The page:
Three to try out for Juneau Symphony conductor

The Juneau Symphony and Juneau Symphony Chorus performed the Mozart Requiem, April 5 & 6, 2014, (Photo by Kurt Smith)

The Juneau Symphony and Juneau Symphony Chorus performed the Mozart Requiem, April 5 & 6, 2014. (Photo by Kurt Smith)

Three different conductors will direct the Juneau Symphony next season. They hope to replace Kyle Wiley Pickett, who will lead the Topeka Symphony and the Springfield Symphony Orchestra, after 14 years in the capital city.

The search began at the end of the 2013 symphony season, when musicians and board members gathered to answer three questions:

What are you looking for in the next conductor? What role does the symphony play in your life? What role do you think the symphony plays in the Juneau community?”

Search committee chairwoman and violinist Kristin Garot says the questions were asked again in the summer and fall.  The answers helped the 15-member committee come up with traits the orchestra wants in a new conductor.

Garot says lessons learned from the last recruitment, in 1999, and the Music Director’s Search Handbook from the League of American Orchestras morphed into a blueprint for the current search.

In October, the job was announced on the Conductors Guild website.

Nearly 70 applications rolled in. Only 28 made the first cut. That list was reduced to 13 conductors, who were interviewed over Skype, resulting in a list of nine. Committee members voted on each person to get to the remaining three.

Though the job pays only about $35,000 a year, Garot says the volunteer Juneau orchestra demands a lot of its conductor.

“Not only are they there to lead the musicians but they’re also kind of the face of the orchestra to the community,” she says. “We want someone who’s dynamic, who can energize an audience and speak to them about what they’re listening to. We also want someone who can connect with our youth audience and our youth organizations and help build that part of our program.” 

That means music director, long-range planner, fundraiser, and grand communicator.

The three finalists claim to be adept at all.

Troy Quinn

Conductor candidate Troy Quinn. (Photo courtesy Troy Quinn)

Conductor candidate Troy Quinn. (Photo courtesy Troy Quinn)

Troy Quinn lives in Los Angeles, where he commutes to the East Coast to conduct the Portsmouth Institute Orchestra in Rhode Island, a gig he would keep if hired in Juneau.

“Conductors nowadays never stay in one place. They’re doing multiple gigs and flying from town to town,” he says.

Quinn has not been to Juneau, but already has a vision for making the symphony more accessible to the community.

“Being an ambassador for the symphony and being out in the public, in the school system, in businesses, reaching people through different medias,” Quinn says. “And I think providing a balanced repertoire so we’ve got something for everybody to come listen to.”

Quinn will conduct the Juneau Symphony in November.

Wesley Schulz

Wesley Schulz in rehearsal with Bainbridge Symphony Orchestra. (Photo courtesy Dominique Cantwell)

Wesley Schulz in rehearsal with Bainbridge Symphony Orchestra. (Photo courtesy Dominique Cantwell)

Wesley Schulz is the Juneau Symphony’s February conductor.  He lives in Seattle and leads the Bainbridge Symphony Orchestra on Bainbridge Island as well as the Seattle Festival Orchestra and two youth symphonies.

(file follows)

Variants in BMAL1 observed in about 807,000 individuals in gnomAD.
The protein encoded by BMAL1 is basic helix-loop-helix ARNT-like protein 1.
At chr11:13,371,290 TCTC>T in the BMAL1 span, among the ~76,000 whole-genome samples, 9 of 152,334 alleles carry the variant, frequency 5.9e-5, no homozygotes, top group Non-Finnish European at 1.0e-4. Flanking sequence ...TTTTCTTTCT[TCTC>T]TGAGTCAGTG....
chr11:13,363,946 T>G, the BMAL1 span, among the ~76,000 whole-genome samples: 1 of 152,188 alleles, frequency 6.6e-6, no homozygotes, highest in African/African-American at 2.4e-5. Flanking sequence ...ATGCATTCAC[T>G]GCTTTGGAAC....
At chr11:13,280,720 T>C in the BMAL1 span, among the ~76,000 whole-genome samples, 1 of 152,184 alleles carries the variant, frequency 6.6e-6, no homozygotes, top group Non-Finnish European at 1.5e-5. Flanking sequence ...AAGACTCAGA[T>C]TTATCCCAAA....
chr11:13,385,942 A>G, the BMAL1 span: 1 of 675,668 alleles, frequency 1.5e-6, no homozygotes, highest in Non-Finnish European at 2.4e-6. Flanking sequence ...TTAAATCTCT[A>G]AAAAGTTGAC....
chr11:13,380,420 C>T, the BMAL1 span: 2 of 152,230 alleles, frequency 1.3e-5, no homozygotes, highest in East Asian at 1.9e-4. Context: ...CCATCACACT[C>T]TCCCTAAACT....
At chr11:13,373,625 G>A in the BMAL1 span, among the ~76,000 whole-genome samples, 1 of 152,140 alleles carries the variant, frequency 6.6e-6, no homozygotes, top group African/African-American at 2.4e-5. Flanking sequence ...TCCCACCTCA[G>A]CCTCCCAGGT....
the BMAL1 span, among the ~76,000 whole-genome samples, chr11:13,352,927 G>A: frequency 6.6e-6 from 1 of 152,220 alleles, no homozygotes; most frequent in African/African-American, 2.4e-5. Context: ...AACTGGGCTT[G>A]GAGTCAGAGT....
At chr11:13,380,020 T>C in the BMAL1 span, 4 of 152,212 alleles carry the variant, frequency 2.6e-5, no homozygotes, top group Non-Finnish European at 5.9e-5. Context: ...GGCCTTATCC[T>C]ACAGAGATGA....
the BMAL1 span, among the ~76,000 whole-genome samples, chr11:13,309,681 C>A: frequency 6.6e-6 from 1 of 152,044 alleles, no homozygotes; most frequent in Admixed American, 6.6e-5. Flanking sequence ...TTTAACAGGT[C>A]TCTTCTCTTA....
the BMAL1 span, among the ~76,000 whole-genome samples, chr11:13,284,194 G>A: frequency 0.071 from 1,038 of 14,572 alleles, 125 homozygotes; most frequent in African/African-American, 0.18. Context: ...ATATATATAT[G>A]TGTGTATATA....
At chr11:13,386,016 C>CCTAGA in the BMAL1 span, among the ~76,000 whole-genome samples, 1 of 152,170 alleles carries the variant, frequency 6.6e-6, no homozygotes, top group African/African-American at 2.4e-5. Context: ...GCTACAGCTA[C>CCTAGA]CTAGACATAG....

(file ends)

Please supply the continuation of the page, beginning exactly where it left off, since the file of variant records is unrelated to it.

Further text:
He has directed both professional and volunteer orchestras, and says he finds a joy of discovery working with volunteers.

“You get to discover along with them some of the elements of the music that the professionals, you know, might think of as old hat,” Schulz says.

He also has not been to Juneau, and sees it as something to add to his current conducting jobs.

“When this position opened up, it’s like what a perfect way to have a relationship with that area that I’m just fascinated by,” he says.

Jeremy Briggs Roberts

Symphony candidate Jeremy Briggs Roberts. (Photo courtesy Washington Idaho Symphony)

Symphony candidate Jeremy Briggs Roberts. (Photo courtesy Washington Idaho Symphony)

The final conductor candidate for next year’s season is Jeremy Briggs Roberts.  He is musical director, conductor and executive director of the Washington Idaho Symphony, which performs in the Moscow, Idaho and Pullman, Washington area.

Roberts calls himself a Pacific Northwesterner and says Juneau would be a natural extension of his current work.

“I think one of the major things I’ve enjoyed here is we’ve taken the orchestra and really grown it into a community cultural asset,” he says.

Roberts says he would like to take on another orchestra to “build culture and the sense of community awareness that art is valuable in our communities and it makes a difference in our lives.”

He says Juneau already seems to have done a very good job of that.

Roberts would commute to Juneau from his home in Moscow, Idaho.

Outgoing Juneau director Kyle Pickett has been commuting to Juneau from Northern California for the past 14 years, where he’s conducted other orchestras. He says he will live in California and fly to his new conducting jobs in Kansas and Missouri.

Pickett will continue as music director for the Juneau Symphony next season, working with each candidate on music choice for the concerts they conduct.

Symphony musicians and the audience will play a role in selecting the new conductor.  The winner of the competition will be announced in June.

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